Vin Mariani

“You know what would pair nicely with this Bordeaux? A little cocaine!”

This general cure-all was invented by Angelo Mariani and included 6mg of cocaine per ounce of liquid.

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The cocaine-infused tincture gained in popularity after a keen advertising campaign showed it as the favorite pick-me-up of people like Thomas Edison, Queen Victoria, the Czar of Russia, Pope Saint Pius X, and Pope Leo XIII, who served as a holy spokesperson in an advertisement for the tonic. Thomas Edison endorsed the wine, claiming it helped him stay up longer and Ulysses Grant used it as he wrote his memoirs later in life.

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After the Pure Food and Drug Act of 1906 rained on the cocaine and heroin-infused cocktail parade, the company behind Vin Mariani switched up the recipe and delivered a non-alcoholic version made with cola leaves and kola nuts. We know it as Coca-Cola.

Vine Vera

“I can literally feel the DNA synthesizing with my core being.”

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Vino Vera offers perhaps the most complete lineup of wine-infused skincare products, with varietal names like “Merlot”, “Shiraz Instentic”, and “Malbec DNA”. Primarily aimed at rejuvenating skin, they offer products with vitamin A, vitamin E, and of course Resveratrol. Of all the treatments so far, this product probably has the most legitimate, scientifically-backed benefits. This one downside? It isn’t cheap and a complete “Malbec DNA” system will put a serious hurt on your wallet at $5,000.

Cannabis-Infused Wine

“Hey man, you ever seen the back of a wine label…on weed?”

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Super Silver Sauvignon Blanc anyone? You probably noticed a rise in states legalizing marijuana over the past few years, and it’s only a matter of time before a commercial pot-infused wine offering emerges. And why not? Combine the many proven benefits of medical marijuana with those of wine and you basically have a new superfood. This wouldn’t be the first time wine was mixed with exotic components. A decade ago an ancient wine cellar in Israel was unearthed and 500 gallons of wine were found to contain certain psychoactive resins.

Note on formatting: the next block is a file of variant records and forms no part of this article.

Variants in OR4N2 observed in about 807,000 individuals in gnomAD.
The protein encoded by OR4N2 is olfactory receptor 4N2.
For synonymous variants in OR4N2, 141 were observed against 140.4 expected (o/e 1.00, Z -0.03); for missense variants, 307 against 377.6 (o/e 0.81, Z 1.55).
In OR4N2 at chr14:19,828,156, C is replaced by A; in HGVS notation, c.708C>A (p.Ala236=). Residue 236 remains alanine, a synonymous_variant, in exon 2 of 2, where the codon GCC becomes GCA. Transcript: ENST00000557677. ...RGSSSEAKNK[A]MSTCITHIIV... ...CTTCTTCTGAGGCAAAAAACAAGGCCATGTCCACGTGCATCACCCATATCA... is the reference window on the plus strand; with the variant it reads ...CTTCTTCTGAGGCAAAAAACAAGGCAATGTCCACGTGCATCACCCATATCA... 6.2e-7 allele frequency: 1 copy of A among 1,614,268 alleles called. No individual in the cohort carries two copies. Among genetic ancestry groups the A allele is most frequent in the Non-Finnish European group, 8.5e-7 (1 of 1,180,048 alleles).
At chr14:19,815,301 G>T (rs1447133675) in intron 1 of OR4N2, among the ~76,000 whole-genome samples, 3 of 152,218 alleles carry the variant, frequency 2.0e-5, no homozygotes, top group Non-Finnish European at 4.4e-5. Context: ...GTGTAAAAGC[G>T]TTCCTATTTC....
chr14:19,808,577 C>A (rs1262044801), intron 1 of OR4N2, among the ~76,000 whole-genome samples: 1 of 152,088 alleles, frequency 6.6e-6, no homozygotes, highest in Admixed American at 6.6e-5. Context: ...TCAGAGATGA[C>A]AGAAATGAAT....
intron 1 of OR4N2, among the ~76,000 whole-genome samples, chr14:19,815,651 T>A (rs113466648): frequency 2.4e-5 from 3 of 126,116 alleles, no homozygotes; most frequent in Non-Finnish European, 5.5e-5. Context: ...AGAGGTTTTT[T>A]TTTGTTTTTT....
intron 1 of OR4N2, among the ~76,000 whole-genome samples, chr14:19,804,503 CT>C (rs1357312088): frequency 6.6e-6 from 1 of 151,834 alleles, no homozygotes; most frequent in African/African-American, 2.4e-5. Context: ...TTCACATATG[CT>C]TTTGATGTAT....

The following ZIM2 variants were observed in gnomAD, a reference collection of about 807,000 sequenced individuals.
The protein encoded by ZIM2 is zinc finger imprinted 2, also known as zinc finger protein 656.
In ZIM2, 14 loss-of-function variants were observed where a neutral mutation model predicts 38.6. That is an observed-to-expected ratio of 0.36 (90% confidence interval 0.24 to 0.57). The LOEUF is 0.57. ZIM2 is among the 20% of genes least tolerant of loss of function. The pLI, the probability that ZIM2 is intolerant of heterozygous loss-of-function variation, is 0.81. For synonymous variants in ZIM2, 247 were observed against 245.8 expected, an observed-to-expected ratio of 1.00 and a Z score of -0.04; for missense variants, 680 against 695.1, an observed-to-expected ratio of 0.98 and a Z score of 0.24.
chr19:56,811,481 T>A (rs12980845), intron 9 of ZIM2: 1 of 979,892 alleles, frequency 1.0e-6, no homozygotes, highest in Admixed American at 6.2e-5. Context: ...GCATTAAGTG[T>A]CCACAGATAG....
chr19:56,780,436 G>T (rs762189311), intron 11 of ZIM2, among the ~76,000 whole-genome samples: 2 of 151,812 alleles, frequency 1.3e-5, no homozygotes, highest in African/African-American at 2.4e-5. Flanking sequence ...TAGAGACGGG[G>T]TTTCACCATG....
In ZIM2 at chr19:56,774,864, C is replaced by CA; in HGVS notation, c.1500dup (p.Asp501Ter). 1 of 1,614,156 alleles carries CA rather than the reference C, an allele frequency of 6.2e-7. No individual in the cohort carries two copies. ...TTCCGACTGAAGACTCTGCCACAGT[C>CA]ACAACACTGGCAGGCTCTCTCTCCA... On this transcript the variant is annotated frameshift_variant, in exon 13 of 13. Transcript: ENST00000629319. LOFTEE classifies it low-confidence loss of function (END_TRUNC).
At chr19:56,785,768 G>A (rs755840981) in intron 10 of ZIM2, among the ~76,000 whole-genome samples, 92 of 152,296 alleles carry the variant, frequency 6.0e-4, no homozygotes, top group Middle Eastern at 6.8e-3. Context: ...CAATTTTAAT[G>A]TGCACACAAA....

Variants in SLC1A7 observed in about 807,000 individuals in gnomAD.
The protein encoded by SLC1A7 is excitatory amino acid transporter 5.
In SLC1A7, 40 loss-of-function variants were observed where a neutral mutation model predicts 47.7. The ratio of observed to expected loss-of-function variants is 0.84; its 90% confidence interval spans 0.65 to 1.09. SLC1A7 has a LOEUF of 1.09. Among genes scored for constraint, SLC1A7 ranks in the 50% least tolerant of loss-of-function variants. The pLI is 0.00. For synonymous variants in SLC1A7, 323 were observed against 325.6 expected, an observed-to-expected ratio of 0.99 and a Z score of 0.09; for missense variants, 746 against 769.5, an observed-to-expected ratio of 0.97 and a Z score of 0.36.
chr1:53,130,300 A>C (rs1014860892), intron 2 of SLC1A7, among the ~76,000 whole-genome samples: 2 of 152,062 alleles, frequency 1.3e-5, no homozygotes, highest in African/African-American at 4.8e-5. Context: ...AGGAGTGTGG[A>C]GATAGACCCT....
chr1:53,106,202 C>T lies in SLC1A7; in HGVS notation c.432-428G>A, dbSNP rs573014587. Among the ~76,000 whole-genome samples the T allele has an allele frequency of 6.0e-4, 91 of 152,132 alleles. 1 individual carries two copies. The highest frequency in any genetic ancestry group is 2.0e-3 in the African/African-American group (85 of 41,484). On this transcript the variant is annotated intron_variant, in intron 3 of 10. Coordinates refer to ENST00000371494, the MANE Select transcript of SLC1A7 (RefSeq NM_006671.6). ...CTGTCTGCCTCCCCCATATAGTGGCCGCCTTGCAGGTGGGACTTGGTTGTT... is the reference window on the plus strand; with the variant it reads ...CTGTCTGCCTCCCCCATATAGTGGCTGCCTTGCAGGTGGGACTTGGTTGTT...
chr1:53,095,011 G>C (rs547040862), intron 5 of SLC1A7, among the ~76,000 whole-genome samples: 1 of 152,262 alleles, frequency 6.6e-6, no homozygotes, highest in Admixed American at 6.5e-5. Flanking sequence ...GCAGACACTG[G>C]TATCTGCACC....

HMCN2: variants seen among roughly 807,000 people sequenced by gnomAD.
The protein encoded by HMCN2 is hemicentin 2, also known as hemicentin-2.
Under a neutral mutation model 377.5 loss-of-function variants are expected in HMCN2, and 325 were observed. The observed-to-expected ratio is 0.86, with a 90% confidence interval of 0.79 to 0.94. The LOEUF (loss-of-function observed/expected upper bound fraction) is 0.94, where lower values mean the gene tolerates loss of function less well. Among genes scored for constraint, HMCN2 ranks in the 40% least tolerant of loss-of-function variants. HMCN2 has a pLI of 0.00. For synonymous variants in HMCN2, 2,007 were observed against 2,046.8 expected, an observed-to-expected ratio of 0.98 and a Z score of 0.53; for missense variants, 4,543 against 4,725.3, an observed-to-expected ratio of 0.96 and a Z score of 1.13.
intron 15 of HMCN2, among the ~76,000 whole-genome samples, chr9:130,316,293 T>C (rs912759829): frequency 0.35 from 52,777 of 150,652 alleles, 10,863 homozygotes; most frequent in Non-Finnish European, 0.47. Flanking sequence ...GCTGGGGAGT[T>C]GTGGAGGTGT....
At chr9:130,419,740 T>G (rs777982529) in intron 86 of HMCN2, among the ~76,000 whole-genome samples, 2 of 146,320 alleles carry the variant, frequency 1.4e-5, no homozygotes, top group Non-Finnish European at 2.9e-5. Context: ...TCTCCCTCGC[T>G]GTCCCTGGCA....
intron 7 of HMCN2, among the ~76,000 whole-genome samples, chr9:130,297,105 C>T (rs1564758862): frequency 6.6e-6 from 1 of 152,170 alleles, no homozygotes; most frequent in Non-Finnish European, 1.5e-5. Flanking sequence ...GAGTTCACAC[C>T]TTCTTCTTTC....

The idea of marijuana-laced wine isn’t new, and big media outlets like Vice and Elite Daily went into a lengthy exploration on the subject. Melissa Etheridge, a vocal proponent of medical cannabis, created her own special wine tincture called “No Label” which she sells through Greenway, a medical marijuana club in Santa Cruz. In an interview with CBS she said, “You feel a little buzzed from the alcohol and then get a delicious full body buzz,” when describing the effects. Given the pain relieving effects associated with alcohol and pot, it’s not hard to imagine it having a legitimate level of treatment for chronic pain.

As legalization continues to go mainstream it seems more likely that a winemaker might put a special “reserve” barrel aside each vintage. Only time will tell.

Having never tried any of these products we can’t say whether they belong in the snake-oil section or not. Then again, the power of placebo is very real, so how can we fault someone for believing they’re experiencing true results? Let us know what you think in the comments below.

Mike Meisner

Mike Meisner

Mike is the resident content creator for the Last Bottle blog. When he's not spilling wine on his keyboard he can be found wandering the aisles in the warehouse with a Coravin in hand, whispering to bottles "This will only hurt for a second".
Mike Meisner